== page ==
FSIS moves forward on swine inspection rule

Many comments requested that FSIS withdraw proposal to remove limits on line speeds due to negative effect on animal welfare and worker safety.

Jacqui Fatka, Policy editor

October 25, 2018

2 Min Read
FSIS moves forward on swine inspection rule
A U.S. Department of Agriculture (USDA) Inspector shows Agriculture Secretary Sonny Perdue around the processing floor of the Triumph Foods pork processing facility April 28, 2017. The facility houses 2,800 employees in St. Joseph, Mo.USDA photo by Preston Keres

The Food Safety & Inspection Service (FSIS) plans to finalize a proposal published on Feb. 1, 2018, to establish a voluntary New Swine Inspection System (NSIS) for market hog slaughter establishments and mandatory provisions for all swine slaughtering establishments, according to the U.S. Department of Agriculture’s latest regulatory priorities agenda.

In this proposal, USDA would also amend the regulations that apply to all establishments that slaughter swine. The new requirements would ensure that establishments implement measures to control enteric pathogens that can cause foodborne illness. Specifically, all swine slaughter establishments would be required to implement appropriate measures to prevent contamination throughout the entire production process in their hazard analysis and critical control points (HACCP) plans, sanitation standard operating procedures or other prerequisite programs. The new requirements would ensure that both USDA and the establishment have the documentation they need to verify the effectiveness of these measures on an ongoing basis.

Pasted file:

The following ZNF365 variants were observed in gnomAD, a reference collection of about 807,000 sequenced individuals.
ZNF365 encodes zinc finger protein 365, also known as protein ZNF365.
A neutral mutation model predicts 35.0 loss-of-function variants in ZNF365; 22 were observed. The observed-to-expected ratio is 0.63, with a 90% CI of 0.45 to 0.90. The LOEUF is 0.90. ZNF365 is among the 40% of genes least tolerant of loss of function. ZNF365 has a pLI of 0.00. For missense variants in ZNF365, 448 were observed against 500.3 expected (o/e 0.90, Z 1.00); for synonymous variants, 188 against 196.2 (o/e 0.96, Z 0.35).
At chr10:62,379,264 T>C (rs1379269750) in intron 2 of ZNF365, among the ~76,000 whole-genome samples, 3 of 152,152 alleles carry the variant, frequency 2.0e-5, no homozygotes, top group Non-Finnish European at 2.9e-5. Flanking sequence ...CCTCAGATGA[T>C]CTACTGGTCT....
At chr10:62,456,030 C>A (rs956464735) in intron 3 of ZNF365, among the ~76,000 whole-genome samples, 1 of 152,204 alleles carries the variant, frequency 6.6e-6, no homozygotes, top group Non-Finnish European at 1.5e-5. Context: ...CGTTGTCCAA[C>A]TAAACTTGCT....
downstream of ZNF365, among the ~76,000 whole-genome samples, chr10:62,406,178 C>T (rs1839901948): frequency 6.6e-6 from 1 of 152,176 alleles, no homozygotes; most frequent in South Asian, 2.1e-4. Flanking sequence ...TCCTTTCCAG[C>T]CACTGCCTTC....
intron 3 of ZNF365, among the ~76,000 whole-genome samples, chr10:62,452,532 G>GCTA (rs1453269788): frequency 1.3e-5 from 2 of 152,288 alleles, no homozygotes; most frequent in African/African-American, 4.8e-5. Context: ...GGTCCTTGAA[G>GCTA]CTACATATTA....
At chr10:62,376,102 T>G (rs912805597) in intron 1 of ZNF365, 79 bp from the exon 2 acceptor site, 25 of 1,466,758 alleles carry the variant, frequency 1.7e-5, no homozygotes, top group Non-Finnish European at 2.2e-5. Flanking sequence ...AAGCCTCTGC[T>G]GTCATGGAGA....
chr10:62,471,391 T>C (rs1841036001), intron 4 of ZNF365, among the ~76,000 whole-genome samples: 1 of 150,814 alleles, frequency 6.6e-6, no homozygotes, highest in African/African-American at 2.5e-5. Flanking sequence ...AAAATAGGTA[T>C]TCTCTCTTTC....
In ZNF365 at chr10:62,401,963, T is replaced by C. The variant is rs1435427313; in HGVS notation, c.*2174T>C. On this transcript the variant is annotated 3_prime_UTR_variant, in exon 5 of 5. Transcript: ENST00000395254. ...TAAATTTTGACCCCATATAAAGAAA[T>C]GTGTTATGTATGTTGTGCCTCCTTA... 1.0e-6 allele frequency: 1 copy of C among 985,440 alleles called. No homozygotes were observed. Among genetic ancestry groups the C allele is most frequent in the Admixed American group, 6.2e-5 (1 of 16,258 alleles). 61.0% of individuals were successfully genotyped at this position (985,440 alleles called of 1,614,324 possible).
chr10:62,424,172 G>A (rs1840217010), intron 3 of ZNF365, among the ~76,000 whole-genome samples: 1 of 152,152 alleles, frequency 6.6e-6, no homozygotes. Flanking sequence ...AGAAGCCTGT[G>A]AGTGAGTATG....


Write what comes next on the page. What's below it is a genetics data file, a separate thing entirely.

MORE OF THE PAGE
NSIS will provide for increased offline inspection activities that are more directly related to food safety resulting in greater compliance with sanitation and HACCP regulations and reduce the risk of foodborne illness. FSIS received more than 83,500 comments.

Related:Modernized swine inspection rule proposed

Many of the comments requested that FSIS withdraw the proposal to remove limits on line speeds due to the negative effect on animal welfare and worker safety. “These comments will be analyzed and further addressed in the final rule,” USDA said in the "Fall 2018 Regulatory Priorities."

The National Pork Producers Council (NPPC) welcomed the advancement of the rule. “We are very pleased that USDA is moving forward with this important boost to food safety,” NPPC spokesman David Warner said.

At the time of the announced rule, North American Meat Institute president and chief executive officer Barry Carpenter said the proposed NSIS has been used as a pilot project in five pork plants for 15 years and has proved to be a strong inspection model.

“Those five pilot plants have produced millions of pounds of safe pork. We look forward to working with the agency as it develops a final rule that maintains a strong level of food safety in the most efficient manner,” Carpenter said.

About the Author(s)

Jacqui Fatka

Policy editor, Farm Futures

Jacqui Fatka grew up on a diversified livestock and grain farm in southwest Iowa and graduated from Iowa State University with a bachelor’s degree in journalism and mass communications, with a minor in agriculture education, in 2003. She’s been writing for agricultural audiences ever since. In college, she interned with Wallaces Farmer and cultivated her love of ag policy during an internship with the Iowa Pork Producers Association, working in Sen. Chuck Grassley’s Capitol Hill press office. In 2003, she started full time for Farm Progress companies’ state and regional publications as the e-content editor, and became Farm Futures’ policy editor in 2004. A few years later, she began covering grain and biofuels markets for the weekly newspaper Feedstuffs. As the current policy editor for Farm Progress, she covers the ongoing developments in ag policy, trade, regulations and court rulings. Fatka also serves as the interim executive secretary-treasurer for the North American Agricultural Journalists. She lives on a small acreage in central Ohio with her husband and three children.

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